There are no doubt some carefully thought out, very sensible academic studies on erotic postcards but if researching the history and sociology of the cards is your thing, there are a few sources somewhat off the beaten track worth contemplating. One is a 1944 essay George Orwell wrote about Salvador Dali; Benefit of Clergy. Orwell touches on postcards in a few places – he calls them ‘filthy’ – and he admits he is no art critic, but he pins down something most critics would have missed. Dali’s rebelliousness depended on graphic violence, masturbation and scatology and Orwell found that childish and inept. He did think however that Dali was an excellent draughtsman and he identified a strong reference to Edwardian imagery (Dali no doubt called the era by a different name) in Dali’s paintings. More than that he sees the Edwardian period as elemental to Dali’s later obsessions. If Dali did have any idée fixe based on erotic ideals in the early 20th century, he probably found it in postcards. If you follow Orwell’s thinking, growing up in religious and repressive Spain, Dali identified the elegant, mildly tantalising images in postcards with everything unobtainable. To Orwell, Dali wasn’t a fraud and when he set out to shock people he understood the source of that desire. Above this paragraph is an apparently innocuous French postcard. Look closely however and the outline of the girl’s nipple is quite clear. That’s a detail immediately obvious to ten year old boys and parish priests.

And here is an actual Edwardian (as in English) postcard. There’s nothing erotic about this image. The best word for it is ‘saucy’, a very British concept. Presumably the man knows the woman – the idea of a complete stranger creeping up on a sleeping woman would have been too strong – but he’s silently pondering a relatively inconsequential part of her body, her stockinged ankle, his mind full of feverish possibilities. That’s a very Daliesque form of voyeurism.

 The women, girls, who modelled for these images were not prostitutes as is often assumed. Most of them were dancers or chorus girls, or to give them their more poetic title, chorines. Some might argue there was a fine line between the dance hall and the brothel but if so it was still distinct. The chorus line was a place to begin a serious acting career. Marlene Dietrich, Barbara Stanwyck, Joan Crawford, Audrey Hepburn and Paulette Goddard were all chorines, and in later life some of them did try to suppress evidence from their early, less public days but they didn’t sell their physical bodies for money, only the representation of them.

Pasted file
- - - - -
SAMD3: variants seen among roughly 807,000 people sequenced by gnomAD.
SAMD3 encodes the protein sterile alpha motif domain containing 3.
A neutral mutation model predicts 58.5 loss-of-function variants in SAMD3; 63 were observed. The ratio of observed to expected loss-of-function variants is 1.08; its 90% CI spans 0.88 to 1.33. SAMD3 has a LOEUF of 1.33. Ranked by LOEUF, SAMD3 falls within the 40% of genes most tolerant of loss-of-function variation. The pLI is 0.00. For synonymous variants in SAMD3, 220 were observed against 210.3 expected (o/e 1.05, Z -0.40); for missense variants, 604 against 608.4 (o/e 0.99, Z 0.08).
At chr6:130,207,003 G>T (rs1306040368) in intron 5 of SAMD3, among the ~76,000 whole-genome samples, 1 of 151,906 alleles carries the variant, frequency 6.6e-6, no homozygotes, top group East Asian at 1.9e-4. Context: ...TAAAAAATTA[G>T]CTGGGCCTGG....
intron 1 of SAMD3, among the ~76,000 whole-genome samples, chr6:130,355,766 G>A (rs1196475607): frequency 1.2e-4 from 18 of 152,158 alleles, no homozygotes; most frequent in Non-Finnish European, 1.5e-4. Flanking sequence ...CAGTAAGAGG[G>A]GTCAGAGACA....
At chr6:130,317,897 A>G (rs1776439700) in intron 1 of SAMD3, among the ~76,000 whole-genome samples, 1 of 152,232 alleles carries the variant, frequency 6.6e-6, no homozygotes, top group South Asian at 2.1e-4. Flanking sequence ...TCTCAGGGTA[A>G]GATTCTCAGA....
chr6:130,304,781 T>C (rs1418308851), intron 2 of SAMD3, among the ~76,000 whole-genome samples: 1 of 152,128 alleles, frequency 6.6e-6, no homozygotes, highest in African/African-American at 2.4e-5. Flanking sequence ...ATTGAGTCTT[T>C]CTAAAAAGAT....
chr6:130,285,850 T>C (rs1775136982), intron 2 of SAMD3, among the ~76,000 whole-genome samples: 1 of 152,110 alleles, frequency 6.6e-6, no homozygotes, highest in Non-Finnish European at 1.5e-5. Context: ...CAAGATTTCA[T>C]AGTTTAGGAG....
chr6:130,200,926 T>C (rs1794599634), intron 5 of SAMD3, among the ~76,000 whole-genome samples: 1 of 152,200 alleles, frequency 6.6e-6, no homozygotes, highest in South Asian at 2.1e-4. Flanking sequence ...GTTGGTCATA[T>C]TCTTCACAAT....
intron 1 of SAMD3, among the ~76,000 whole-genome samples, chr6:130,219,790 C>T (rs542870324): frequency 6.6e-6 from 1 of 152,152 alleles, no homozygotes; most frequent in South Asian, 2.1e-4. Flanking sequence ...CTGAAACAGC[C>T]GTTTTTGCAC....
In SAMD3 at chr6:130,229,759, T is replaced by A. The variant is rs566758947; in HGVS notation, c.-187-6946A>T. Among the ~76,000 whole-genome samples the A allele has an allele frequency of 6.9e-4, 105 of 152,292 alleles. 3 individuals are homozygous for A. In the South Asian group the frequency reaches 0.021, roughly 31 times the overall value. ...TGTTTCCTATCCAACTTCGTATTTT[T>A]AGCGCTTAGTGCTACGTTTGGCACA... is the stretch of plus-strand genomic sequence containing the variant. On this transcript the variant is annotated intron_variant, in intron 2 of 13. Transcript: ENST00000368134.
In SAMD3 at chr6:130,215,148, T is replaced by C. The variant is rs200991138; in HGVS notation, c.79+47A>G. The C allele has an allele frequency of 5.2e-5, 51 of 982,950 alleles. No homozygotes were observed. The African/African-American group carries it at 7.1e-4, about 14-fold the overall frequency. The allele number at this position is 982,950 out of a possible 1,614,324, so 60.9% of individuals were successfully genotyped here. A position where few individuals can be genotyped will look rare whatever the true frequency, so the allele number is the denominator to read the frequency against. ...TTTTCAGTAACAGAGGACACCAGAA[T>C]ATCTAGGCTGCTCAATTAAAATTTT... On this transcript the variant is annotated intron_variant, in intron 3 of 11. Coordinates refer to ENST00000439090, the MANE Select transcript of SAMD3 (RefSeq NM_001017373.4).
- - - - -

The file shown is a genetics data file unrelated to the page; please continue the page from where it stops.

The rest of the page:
Julian Mandel is one of the best known names from the erotic postcard trade in the 1920s though there is a debate whether that is the pseudonym of one person or a group. He wasn’t different, merely better and more prolific than a lot of the others. One of his models was Kiki, of Montparnasse, and her Memoirs is another useful book for anyone thinking seriously about the genre. Not because the book is a literary classic – it isn’t – nor because she describes the business in depth – she doesn’t – but because she gives us an attitude at odds with common perceptions. It’s easy to think that if the men who photographed the models and those who bought the cards were predatory then the women were victims. Kiki has a different idea. Being a nude model was a lot better than most of the other work available to a girl from the slums. It wasn’t difficult, it paid ok and it gave her a certain status in the demimonde. And if she hadn’t been a model for Mandel and others she wouldn’t have come into the orbit of Man Ray and his friends like Jean Cocteau, Francis Picabia and Alexander Calder. Memoirs was banned in the US until the 1990s. Reading it now it’s hard to see why, except that she is utterly shameless about her life and adventures. Somehow, the idea that a woman might want to boast about her life as a model bothered some right thinking people.

The images in this gallery range from the saucy to the explicit (in 1920s terms). Some are barely erotic to our eyes but the sight of a cleavage was enough to justify moral outrage in some minds. Others clearly belong to the genre of artists’ models, as though the purpose behind them was to provide a physiological guide for painters. The four small, square photos were either sold as they were or used to create postcards. Note the use of the mirror, a popular device for suggesting an artistic sensibility while showing the body, front and back, in all its glory.